3 Key Differences Between Sales Operations and Revenue Operations

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Our friends at SmartBug Media wrote this outstanding piece on the differences between Revenue Operations and Sales Operations. We loved it so much we asked, and they granted us permission, to post it here to share with our audience. Kudos to Lisa Chappell for getting this right. 

Technology has transformed people’s buying behaviors, and in turn, it’s shifted how businesses think about revenue: It’s not just an outcome, it’s a process across the entire Buyer’s Journey that goes well beyond the first sale. 

More and more organizations are adopting this mindset, increasing the need for more “revenue” type roles, such as sales operations (SalesOps) and revenue operations (RevOps). While they’re both meant to save time, break down departmental silos, and increase revenue, here are three ways they differ from each other.

1. SalesOps vs. RevOps: Purpose and Goals 

SalesOps: Tactical Sales Strategies

SalesOps is a subset of RevOps, and it concentrates primarily on the tactical work that the sales team needs to improve sales processes and systems, and convert new customers more effectively. Depending on your organization, SalesOps may oversee sales enablement, strategic planning, and team communication, allowing sales reps to spend more time doing what they do best—sell.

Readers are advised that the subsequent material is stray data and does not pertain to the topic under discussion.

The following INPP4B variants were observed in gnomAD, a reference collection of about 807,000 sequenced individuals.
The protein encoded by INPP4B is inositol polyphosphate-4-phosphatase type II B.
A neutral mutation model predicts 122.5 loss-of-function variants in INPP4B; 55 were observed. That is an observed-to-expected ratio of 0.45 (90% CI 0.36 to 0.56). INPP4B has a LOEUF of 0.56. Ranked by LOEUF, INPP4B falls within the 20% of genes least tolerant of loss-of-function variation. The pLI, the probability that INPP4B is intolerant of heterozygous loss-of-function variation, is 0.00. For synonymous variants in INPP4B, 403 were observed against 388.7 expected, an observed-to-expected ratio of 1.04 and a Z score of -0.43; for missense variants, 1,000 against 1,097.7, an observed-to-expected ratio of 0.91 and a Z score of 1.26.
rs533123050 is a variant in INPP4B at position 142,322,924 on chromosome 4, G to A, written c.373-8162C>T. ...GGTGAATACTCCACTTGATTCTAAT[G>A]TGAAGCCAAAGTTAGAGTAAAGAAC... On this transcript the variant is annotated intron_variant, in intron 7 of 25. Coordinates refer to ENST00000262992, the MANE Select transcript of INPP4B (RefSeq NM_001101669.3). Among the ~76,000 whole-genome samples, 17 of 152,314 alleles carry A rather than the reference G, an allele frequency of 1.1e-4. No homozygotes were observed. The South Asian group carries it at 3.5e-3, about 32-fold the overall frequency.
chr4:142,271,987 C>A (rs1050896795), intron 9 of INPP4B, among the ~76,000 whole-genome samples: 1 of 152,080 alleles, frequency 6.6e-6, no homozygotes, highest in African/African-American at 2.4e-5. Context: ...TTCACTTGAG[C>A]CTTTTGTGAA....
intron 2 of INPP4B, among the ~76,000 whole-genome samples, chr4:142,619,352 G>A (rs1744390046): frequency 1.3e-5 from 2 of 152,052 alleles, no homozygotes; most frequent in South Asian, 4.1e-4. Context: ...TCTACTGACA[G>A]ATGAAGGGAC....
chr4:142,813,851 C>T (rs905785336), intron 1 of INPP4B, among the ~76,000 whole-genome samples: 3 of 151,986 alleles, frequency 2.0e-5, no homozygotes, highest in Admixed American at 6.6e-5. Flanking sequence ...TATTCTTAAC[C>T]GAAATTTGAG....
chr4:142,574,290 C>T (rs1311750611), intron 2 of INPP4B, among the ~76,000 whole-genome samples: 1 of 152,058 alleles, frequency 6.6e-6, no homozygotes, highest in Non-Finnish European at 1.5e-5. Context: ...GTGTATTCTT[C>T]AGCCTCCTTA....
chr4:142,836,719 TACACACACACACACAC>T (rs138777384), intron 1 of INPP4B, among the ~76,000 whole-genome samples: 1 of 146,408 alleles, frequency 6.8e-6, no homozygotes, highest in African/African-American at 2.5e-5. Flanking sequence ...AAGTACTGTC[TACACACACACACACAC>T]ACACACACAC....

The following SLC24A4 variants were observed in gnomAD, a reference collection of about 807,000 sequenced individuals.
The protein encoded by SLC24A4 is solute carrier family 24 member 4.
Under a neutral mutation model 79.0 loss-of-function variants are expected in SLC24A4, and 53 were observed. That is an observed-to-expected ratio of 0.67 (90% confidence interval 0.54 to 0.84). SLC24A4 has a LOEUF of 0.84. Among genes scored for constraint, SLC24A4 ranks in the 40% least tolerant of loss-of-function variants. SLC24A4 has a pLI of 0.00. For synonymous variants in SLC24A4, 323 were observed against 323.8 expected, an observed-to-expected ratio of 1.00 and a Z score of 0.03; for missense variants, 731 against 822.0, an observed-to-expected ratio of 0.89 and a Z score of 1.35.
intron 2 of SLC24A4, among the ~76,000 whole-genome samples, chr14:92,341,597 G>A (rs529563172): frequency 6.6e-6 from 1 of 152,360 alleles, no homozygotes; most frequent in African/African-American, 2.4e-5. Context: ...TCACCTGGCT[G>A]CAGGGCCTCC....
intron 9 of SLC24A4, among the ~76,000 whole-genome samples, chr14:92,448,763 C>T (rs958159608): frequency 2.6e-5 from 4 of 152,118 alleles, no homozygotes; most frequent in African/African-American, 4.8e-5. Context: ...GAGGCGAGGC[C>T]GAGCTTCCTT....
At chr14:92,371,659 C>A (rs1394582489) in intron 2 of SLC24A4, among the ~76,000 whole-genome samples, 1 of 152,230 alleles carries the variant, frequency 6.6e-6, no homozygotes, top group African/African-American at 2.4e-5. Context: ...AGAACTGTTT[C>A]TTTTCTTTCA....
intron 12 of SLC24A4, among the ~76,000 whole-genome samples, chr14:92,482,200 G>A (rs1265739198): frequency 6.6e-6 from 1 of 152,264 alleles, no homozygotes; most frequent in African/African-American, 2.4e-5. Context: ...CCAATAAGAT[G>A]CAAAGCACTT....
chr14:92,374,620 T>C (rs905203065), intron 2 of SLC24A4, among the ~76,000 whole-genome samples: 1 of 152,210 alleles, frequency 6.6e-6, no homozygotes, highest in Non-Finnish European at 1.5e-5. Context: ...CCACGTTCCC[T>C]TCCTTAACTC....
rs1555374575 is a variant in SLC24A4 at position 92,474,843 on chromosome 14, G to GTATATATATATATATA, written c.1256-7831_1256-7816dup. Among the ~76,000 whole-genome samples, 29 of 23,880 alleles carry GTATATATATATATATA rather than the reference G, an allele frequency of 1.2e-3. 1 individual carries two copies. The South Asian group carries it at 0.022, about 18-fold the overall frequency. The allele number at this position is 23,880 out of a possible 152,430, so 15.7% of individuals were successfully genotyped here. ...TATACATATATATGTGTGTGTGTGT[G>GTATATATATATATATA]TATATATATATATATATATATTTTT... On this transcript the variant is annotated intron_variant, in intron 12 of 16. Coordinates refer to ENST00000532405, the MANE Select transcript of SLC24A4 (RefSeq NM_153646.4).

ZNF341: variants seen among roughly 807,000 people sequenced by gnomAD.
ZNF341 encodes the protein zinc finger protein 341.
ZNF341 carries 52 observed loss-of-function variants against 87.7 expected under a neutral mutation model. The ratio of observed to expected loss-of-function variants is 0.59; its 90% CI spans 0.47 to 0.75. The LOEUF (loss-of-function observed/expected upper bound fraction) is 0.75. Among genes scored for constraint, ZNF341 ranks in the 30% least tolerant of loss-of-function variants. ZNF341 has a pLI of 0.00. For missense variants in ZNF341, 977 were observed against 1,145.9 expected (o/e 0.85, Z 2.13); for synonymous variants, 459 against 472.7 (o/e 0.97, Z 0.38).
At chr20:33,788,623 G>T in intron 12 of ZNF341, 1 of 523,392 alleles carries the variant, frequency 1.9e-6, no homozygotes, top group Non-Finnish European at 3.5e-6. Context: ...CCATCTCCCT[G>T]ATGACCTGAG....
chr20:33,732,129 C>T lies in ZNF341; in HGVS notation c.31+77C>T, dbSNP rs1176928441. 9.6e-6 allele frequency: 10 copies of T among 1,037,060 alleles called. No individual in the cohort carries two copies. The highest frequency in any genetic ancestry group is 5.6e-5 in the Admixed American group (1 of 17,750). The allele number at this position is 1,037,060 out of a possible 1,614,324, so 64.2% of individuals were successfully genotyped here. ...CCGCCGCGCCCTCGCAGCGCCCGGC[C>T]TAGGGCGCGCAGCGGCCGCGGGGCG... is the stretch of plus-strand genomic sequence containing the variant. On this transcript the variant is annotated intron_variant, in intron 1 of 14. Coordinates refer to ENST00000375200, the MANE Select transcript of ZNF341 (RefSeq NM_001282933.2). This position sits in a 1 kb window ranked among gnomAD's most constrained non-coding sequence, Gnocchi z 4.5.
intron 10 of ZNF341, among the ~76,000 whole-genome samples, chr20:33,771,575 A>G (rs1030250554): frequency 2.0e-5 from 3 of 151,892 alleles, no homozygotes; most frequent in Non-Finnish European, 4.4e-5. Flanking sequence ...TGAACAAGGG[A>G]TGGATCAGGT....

Sales frequently works with marketing, too. However, they differ in the fact that SalesOps hones in on driving revenue through sales activities, while MarketingOps drives revenue through marketing initiatives. 

rev ops diagram

Image Source: LeanData

 

RevOps: Big-Picture Revenue Acceleration

RevOps’ ultimate goal is to accelerate predictable revenue with automated processes and tools, and to see operations as a holistic company strategy, not just a role. RevOps works with marketing, sales, finance, and customer service departments to analyze the entire Buyer’s Journey and break down internal silos, such as a lack of pipeline transparency or a lack of communication between departments. 

Establishing a RevOps team frees up your sales team’s time, so they can focus more on generating sales. Meanwhile, RevOps works behind the scenes, streamlining processes, cleansing data, and fine-tuning the entire go-to-market strategy. 

So what are reasons #2 and #3? Organizational Structure and Key Areas of Focus. Read the details on their original post here.

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